Case 4

H0: P(H) = 0.5 or P(H) = 0

H1: P(H) ≠ 0.5 and P(H) ≠ 0

Syllogism 4

H0 or H1 {Premise 1}

Not H0 {Premise 2}

Therefore, H1 {Conclusion}

Syllogism 4 is logically valid and it makes use of Case 4 where the null hypothesis specifies two values. Assuming, as usual, that a sufficiently low probability of the finding given the null hypothesis justifies rejecting the null hypothesis, how should the probability be calculated?

To answer this question, let us put aside the null hypothesis for a moment and consider the abstract case where we are concerned with the probability of A given that C or D is true. For example, imagine we are invited to dinner and we are interested in the probability that our hostess will serve chocolate for dessert (A) given that she serves chicken (C) or fish (D) for dinner. In symbols, we are interested in P ( A | ( C or D ) ) = P ( A | ( C D ) ) .

Let us assume that C and D are mutually exclusive ( C D = ) . In the dinner example, our hypothetical hostess would never serve both chicken and fish for dinner, though she might serve either one or something else entirely. It is possible to rewrite the expression of interest so that we have only conditional and unconditional probabilities (see Equation (5) below):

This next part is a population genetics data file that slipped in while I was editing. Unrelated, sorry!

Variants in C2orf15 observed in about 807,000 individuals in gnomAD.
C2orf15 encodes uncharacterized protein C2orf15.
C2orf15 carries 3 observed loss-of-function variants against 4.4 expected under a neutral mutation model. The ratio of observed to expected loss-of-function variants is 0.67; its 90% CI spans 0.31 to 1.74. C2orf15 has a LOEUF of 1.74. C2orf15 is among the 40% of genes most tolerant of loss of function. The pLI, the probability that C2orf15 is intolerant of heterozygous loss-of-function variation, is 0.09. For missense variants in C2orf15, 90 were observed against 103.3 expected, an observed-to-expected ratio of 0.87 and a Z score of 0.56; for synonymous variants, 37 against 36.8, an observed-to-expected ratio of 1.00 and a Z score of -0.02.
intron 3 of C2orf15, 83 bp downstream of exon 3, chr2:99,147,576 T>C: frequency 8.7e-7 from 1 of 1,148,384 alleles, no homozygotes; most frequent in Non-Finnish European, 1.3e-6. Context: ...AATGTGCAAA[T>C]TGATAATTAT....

P ( A | ( C D ) ) = P ( A C ) + P ( A D ) P ( C ) + P ( D ) , (2)

P ( A | ( C D ) ) = P ( A C ) P ( C ) + P ( D ) + P ( A D ) P ( C ) + P ( D ) , (3)

P ( A | ( C D ) ) = P ( A C ) P ( C ) P ( C ) P ( C ) + P ( D ) + P ( A D ) P ( D ) P ( D ) P ( C ) + P ( D ) , (4)

P ( A | ( C D ) ) = P ( A | C ) P ( C ) P ( C ) + P ( D ) + P ( A | D ) P ( D ) P ( C ) + P ( D ) . (5)

Equation (5) makes clear that we need not only the conditional probability of A given C or D, but we also need the unconditional probability of C and the unconditional probability of D, in order to calculate the conditional probability of A given that C or D is true. Returning to our hostess, if we wish to calculate the probability that she will serve chocolate for dessert given that she serves chicken or fish for dinner, we need to know the unconditional probability that she will serve chicken for dinner and the unconditional probability that she will serve fish for dinner. If we do not know these two unconditional probabilities, there is no way for us to calculate the conditional probability that our hostess will serve chocolate for dessert given that she serves chicken or fish for dinner.